Celebrating Women's History Month
Women's History Month has arrived! This month we commemorate and encourage the celebration, study and observance of the important role that women have played in American History. PLUS we are excited to introduce our NEW collection in honor of Women's History Month: Dolores Huerta, Rosalind Franklin, Junko Tabei and Helen Keller.
Every moment is an organizing opportunity, every person a potential activist, every minute a chance to change the world - Dolores Huerta
Dolores Clara Fernández Huerta is an American labor leader and civil rights activist who has worked to improve social and economic conditions for farm workers and fight discrimination.
She is one of the most influential labor activists of the 20th century and a leader of the Chicano civil rights movement. From a young age Dolores was greatly influenced by her mother's community activism and compassionate treatment of workers.
She received an associate teaching degree from the University of the Pacific’s Delta College and then briefly taught school in the 1950s, but seeing so many hungry farm children coming to school, she thought she could do more to help them by organizing farmers and farm workers. In 1955
Huerta began her career as an activist and in 1960 she created the Agricultural Workers Association (AWA) and co-founded what would become the United Farm Workers (UFW) with Cesar Chavez. Huerta continues to lecture and speak out on a variety of social issues involving immigration, income inequality and the rights of women and Latinos.
Technique and ability alone do not get you to the top; it is the willpower that is the most important. - Junko Tabei
Junko Tabei (Junko Ishibashi) (1939-2016) was a Japanese mountaineer, an author, and a teacher. She was the first woman to reach the summit of Mount Everest and the first woman to ascend the Seven Summits, climbing the highest peak on every continent.
Junko was born as the fifth daughter among 7 children and was considered a frail child in her early days. Nevertheless, just at the age of 10, she began climbing the mountain, while on a class trip to Mount Nasu.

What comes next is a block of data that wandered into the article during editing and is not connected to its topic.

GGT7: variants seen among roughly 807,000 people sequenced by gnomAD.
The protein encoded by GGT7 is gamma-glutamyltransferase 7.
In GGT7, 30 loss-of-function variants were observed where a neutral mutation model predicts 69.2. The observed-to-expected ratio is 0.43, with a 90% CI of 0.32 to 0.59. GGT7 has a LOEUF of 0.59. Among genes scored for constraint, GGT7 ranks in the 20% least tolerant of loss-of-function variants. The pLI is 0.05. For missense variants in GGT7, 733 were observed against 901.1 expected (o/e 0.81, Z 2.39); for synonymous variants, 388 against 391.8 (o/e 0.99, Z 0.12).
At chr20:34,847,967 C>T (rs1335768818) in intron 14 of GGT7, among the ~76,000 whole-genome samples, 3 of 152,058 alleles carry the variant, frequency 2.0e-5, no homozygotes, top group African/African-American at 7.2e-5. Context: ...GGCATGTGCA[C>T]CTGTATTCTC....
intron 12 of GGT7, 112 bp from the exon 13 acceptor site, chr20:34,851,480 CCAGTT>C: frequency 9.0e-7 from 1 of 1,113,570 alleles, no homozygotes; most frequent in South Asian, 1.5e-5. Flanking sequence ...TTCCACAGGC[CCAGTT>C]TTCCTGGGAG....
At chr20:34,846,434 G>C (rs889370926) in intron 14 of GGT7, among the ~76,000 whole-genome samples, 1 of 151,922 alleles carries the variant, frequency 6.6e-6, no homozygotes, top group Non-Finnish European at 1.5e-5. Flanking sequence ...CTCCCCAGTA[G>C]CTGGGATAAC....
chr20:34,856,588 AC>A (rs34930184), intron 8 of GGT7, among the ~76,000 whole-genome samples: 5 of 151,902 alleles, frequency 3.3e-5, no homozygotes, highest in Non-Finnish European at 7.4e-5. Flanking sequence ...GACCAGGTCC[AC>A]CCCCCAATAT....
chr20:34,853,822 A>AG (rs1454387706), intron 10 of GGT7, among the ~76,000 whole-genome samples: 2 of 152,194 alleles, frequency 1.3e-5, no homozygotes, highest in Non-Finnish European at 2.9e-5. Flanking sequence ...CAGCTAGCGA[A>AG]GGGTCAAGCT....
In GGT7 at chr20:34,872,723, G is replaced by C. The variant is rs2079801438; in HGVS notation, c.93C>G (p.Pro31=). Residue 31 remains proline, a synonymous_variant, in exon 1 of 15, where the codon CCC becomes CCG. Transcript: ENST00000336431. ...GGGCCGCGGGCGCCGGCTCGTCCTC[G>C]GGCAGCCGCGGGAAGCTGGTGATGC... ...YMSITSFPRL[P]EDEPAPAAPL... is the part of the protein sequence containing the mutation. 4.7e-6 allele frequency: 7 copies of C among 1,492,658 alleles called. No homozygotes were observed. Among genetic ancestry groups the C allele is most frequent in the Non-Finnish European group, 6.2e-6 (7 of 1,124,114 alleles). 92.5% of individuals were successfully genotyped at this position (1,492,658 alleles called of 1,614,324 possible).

Junko loved climbing but her family did not have enough money for such an expensive hobby, and Tabei made only a few climbs during her high school years.
She went on to study English and American literature at Showa’s Woman University, and climbed consistently through her studies.
After graduating, Tabei formed the Joshi-Tohan mountaineering club for women only, whose motto was “Let’s go on an overseas expedition by ourselves”.
Tabei led her club on a number of ascents, including the first woman-only ascent to Annapurna III, in Nepal and then made history in 1975 when became the first woman to climb Everest at age 35 with a two year old daughter at home. Junko continued climbing until the year she died.
Life is either a daring adventure or nothing at all. - Helen Keller
Helen Adams Keller (1880 – 1968) was an American author, disability rights advocate, political activist and lecturer.
Born in Tuscumbia, Alabama, Keller lost her sight and hearing at the age of nineteen months to an illness now believed to have been scarlet fever.
Five years later, on the advice of Alexander Graham Bell, her parents hired teacher Anne Mansfield Sullivan. Through Sullivan’s extraordinary instruction, Keller learned to read and write in Braille and to use the hand signals of the deaf-mute, which she could understand only by touch.
With Sullivan repeating the lectures into her hand, Keller studied at schools for the deaf in Boston and New York City and graduated cum laude from Radcliffe College in 1904.
Her unprecedented accomplishments in overcoming her disabilities made her a celebrity at an early age; at twelve she published an autobiographical sketch in the Youth’s Companion, and during her junior year at Radcliffe she produced her first book, The Story of My Life, still in print in over fifty languages.
Widely honored throughout the world, Keller altered the world’s perception of the capacities of the handicapped. More than any act in her long life, her courage, intelligence, and dedication combined to make her a symbol of the triumph of the human spirit over adversity.
Science and everyday life cannot and should not be separated. - Rosalind Franklin
Rosalind Elsie Franklin (1920-1958) was an English chemist and X-ray crystallographer whose work was central to the understanding of the molecular structures of DNA, RNA, viruses, coal, and graphite.
From early childhood, Franklin displayed exceptional intelligence and knew from the age of 15 that she wanted to be a scientist.
She received her education at several schools, including North London Collegiate School, where she excelled in science, among other things. Franklin enrolled at Newnham College, Cambridge, where she studied chemistry and in 1941, she was awarded Second Class Honors in her finals.
In 1951, Franklin began working as a research associate at the King's College London in the biophysics unit, where director John Randall used her expertise and X-ray diffraction techniques on DNA fibers.
Studying DNA structure with X-ray diffraction, Franklin made an amazing discovery which became famous as critical evidence in identifying the structure of DNA.